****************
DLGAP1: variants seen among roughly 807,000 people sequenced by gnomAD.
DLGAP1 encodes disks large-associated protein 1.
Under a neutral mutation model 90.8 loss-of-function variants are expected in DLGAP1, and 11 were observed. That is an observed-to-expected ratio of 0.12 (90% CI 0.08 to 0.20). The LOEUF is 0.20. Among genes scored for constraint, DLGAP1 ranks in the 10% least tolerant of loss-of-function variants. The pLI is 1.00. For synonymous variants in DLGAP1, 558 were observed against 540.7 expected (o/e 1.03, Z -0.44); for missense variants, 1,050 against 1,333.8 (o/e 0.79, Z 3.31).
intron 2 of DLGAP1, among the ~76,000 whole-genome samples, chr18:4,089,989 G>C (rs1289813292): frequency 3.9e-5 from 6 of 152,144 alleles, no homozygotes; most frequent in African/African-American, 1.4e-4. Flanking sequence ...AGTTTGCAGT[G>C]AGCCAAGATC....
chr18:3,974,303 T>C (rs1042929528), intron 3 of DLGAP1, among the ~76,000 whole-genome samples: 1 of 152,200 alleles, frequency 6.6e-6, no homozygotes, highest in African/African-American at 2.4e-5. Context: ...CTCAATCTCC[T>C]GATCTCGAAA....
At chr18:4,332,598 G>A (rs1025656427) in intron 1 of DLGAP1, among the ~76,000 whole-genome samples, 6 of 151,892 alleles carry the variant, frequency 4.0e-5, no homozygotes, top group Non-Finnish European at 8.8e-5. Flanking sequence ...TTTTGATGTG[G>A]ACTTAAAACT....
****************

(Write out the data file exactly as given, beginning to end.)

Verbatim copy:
DLGAP1: variants seen among roughly 807,000 people sequenced by gnomAD.
DLGAP1 encodes disks large-associated protein 1.
Under a neutral mutation model 90.8 loss-of-function variants are expected in DLGAP1, and 11 were observed. That is an observed-to-expected ratio of 0.12 (90% CI 0.08 to 0.20). The LOEUF is 0.20. Among genes scored for constraint, DLGAP1 ranks in the 10% least tolerant of loss-of-function variants. The pLI is 1.00. For synonymous variants in DLGAP1, 558 were observed against 540.7 expected (o/e 1.03, Z -0.44); for missense variants, 1,050 against 1,333.8 (o/e 0.79, Z 3.31).
intron 2 of DLGAP1, among the ~76,000 whole-genome samples, chr18:4,089,989 G>C (rs1289813292): frequency 3.9e-5 from 6 of 152,144 alleles, no homozygotes; most frequent in African/African-American, 1.4e-4. Flanking sequence ...AGTTTGCAGT[G>C]AGCCAAGATC....
chr18:3,974,303 T>C (rs1042929528), intron 3 of DLGAP1, among the ~76,000 whole-genome samples: 1 of 152,200 alleles, frequency 6.6e-6, no homozygotes, highest in African/African-American at 2.4e-5. Context: ...CTCAATCTCC[T>C]GATCTCGAAA....
At chr18:4,332,598 G>A (rs1025656427) in intron 1 of DLGAP1, among the ~76,000 whole-genome samples, 6 of 151,892 alleles carry the variant, frequency 4.0e-5, no homozygotes, top group Non-Finnish European at 8.8e-5. Flanking sequence ...TTTTGATGTG[G>A]ACTTAAAACT....